Section 603 permits appeals to be governed by the [SAA] or the [PVA] "to the extent those chapters are not inconsistent with this chapter." In the context of the Contract Disputes Act, "appeals" are requests for relief from adverse administrative contract determinations. Had Congress intended to exempt government maritime contracts entirely from the Contract Disputes Act, it could have done so more forthrightly than simply by allowing "appeals" to be maintained in the federal district courts.

 Id. at 94.

 It is, therefore, clear that section 603, "rather than completely excluding maritime contracts from the [CDA], simply vests appeals from the administrative determination of claims in the district courts, rather than in the Court of Claims or the Court of Appeals for the Federal Circuit." Id. at 94 (quoting River & Offshore Servs. Co. v. United States, 651 F. Supp. 276, 281 (E.D. La. 1987)).

 The Ninth Circuit approved the reasoning of Bethlehem Steel in Southwest Marine, 43 F.3d at 423. In Southwest, a contractor who had brought a CDA claim involving a maritime contract successfully appealed the adverse decision of the ABCA in district court. The contractor then sought attorneys' fees under the Equal Access to Justice Act, 5 U.S.C. § 504, but the district court dismissed this claim.

 On appeal, the contractor argued that even though attorneys' fees were not available under the CDA, they were available under general maritime law. The Ninth Circuit rejected this argument, explaining:


[The contractor's] argument reflects a misunderstanding of the interplay between the admiralty statutes and the CDA. In the context of an appeal from [a decision of the ABCA,] maritime jurisdiction under the [SAA] and the [PVA] serves only to place appellate jurisdiction in the district courts. It does not transform a contract claim under the CDA into an admiralty claim. Indeed, the CDA incorporates maritime jurisdiction "only to the extent [it is] not inconsistent with this chapter." 41 U.S.C. § 603.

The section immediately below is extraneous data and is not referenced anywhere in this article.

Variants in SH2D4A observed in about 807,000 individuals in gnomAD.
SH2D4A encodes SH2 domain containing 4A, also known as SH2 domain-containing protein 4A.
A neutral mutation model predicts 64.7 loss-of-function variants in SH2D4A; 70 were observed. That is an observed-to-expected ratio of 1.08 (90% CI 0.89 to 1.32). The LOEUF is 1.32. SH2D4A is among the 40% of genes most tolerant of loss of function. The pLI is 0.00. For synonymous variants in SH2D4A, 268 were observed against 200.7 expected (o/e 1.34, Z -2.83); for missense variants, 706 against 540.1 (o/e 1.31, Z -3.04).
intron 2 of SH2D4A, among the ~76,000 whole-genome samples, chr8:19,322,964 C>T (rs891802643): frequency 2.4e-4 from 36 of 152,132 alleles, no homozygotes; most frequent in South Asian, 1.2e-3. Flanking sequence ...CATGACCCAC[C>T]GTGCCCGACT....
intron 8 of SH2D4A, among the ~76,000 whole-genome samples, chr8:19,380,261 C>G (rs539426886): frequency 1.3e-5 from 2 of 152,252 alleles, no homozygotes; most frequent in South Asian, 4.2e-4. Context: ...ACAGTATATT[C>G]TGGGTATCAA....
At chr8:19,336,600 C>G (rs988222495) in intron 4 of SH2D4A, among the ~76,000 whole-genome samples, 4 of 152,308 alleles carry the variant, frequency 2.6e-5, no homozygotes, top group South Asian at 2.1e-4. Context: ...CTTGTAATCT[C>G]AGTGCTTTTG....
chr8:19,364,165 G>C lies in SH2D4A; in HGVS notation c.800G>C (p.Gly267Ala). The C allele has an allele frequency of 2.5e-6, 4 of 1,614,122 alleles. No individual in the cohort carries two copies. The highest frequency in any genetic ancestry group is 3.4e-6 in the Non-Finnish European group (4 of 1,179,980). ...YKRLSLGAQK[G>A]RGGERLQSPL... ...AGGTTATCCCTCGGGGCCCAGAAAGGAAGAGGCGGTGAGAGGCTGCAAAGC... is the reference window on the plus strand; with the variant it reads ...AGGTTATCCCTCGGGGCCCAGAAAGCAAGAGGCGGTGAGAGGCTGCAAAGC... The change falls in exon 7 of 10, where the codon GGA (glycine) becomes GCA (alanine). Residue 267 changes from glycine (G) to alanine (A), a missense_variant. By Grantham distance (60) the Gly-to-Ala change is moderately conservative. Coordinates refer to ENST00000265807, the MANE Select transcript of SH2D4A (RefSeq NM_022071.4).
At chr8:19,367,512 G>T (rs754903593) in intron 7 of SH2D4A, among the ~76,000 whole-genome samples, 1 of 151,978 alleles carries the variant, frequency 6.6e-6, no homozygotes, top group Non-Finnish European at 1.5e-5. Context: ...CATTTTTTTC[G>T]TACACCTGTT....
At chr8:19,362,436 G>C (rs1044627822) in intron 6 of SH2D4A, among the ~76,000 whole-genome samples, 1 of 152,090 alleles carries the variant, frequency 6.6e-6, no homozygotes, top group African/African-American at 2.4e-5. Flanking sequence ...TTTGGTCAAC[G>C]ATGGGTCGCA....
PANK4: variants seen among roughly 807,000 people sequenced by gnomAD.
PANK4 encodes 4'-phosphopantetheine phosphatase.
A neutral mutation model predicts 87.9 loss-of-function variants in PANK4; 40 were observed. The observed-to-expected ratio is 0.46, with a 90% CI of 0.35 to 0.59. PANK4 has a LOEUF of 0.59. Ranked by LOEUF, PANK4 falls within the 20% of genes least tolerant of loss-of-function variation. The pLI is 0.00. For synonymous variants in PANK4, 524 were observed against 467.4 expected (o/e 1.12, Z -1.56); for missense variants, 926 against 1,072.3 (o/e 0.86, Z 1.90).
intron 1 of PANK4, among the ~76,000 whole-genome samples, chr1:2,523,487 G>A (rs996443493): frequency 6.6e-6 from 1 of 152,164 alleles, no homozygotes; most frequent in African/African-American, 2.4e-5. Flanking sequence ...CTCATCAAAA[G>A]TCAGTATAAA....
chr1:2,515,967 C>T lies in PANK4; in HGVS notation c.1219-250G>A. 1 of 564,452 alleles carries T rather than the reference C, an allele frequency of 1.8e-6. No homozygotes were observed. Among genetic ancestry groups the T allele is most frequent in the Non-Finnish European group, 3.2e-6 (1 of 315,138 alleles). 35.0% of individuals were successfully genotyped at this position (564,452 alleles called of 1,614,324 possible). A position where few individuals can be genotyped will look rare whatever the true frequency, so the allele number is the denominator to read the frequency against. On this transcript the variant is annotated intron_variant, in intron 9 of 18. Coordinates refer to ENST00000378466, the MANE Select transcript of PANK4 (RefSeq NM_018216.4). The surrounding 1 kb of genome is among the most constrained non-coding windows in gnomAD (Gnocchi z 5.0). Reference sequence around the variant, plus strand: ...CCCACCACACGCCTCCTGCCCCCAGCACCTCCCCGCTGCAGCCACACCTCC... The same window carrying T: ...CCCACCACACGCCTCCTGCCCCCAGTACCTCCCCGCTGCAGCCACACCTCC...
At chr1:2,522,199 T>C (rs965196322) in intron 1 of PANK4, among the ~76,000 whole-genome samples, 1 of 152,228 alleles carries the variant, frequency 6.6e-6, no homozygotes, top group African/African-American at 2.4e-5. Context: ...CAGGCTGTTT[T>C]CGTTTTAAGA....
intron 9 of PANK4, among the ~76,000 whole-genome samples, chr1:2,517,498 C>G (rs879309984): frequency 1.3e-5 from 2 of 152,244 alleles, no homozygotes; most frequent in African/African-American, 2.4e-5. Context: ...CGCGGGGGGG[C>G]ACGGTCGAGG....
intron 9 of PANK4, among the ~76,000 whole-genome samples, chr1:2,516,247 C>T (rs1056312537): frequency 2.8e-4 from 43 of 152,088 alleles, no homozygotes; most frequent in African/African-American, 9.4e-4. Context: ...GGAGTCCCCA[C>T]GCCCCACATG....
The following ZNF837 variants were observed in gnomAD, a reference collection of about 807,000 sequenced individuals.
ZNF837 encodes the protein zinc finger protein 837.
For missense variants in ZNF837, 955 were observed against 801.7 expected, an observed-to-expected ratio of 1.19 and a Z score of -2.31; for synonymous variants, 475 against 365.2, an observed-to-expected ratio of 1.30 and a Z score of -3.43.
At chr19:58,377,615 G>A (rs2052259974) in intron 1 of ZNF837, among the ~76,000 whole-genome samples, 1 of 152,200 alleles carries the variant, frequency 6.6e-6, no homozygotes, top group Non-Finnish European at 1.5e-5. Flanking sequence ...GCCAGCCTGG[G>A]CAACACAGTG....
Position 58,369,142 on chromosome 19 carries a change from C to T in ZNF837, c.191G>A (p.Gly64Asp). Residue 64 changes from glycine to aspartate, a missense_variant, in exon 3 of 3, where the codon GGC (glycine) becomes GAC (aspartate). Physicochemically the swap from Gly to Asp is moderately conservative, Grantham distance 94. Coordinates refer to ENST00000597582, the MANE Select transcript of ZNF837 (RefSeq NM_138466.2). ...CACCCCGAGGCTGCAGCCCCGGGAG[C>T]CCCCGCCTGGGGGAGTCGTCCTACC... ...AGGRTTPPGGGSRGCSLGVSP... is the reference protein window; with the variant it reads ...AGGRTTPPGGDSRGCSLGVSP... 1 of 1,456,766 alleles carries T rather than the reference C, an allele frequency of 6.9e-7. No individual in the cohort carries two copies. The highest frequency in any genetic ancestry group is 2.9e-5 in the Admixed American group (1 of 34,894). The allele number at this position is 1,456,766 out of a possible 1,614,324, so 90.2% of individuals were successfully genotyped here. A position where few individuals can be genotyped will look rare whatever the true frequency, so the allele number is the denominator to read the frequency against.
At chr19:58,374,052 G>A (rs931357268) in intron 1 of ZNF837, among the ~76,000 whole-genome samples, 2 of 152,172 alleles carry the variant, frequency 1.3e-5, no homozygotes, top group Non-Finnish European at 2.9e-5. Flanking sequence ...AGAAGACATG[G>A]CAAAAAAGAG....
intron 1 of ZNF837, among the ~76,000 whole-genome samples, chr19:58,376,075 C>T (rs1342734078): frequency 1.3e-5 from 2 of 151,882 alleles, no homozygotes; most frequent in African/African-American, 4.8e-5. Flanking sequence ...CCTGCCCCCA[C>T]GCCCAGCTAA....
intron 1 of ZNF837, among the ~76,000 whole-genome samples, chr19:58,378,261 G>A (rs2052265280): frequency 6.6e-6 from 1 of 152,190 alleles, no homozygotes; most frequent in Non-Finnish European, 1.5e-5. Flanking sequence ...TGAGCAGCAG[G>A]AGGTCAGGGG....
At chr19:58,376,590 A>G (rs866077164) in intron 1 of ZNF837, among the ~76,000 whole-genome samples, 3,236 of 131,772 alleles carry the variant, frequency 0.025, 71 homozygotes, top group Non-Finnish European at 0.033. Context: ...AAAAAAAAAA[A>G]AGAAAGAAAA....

. . . .


Clearly, while not all claims involving maritime contracts are perforce CDA claims, plaintiffs who seek recovery in contract under the CDA must comply with its provisions. See Bethlehem Steel Corp. v. Avondale Shipyards, Inc., 951 F.2d 92 (5th Cir. 1992) (holding that admiralty jurisdiction does not exempt plaintiff in maritime contract suit from the exhaustion of remedies requirement of the CDA). By focusing on admiralty law, [the contractor] loses sight of the fact that its claim for fees rests solely on its status as a "prevailing party" in an administrative action under the CDA. The lower court did not address an admiralty basis for awarding fees because [the contractor] has not prevailed in any admiralty action.

 43 F.3d at 424 (citations omitted; emphasis added).

 Accordingly, the Court finds that submitting a certified claim to the contracting officer is indeed a prerequisite to subject matter jurisdiction over claims arising out of maritime contracts brought under the CDA.


 Southwest, however, argues that its claims are "traditional maritime claims" subject to the Court's general admiralty jurisdiction independent of the CDA's provisions.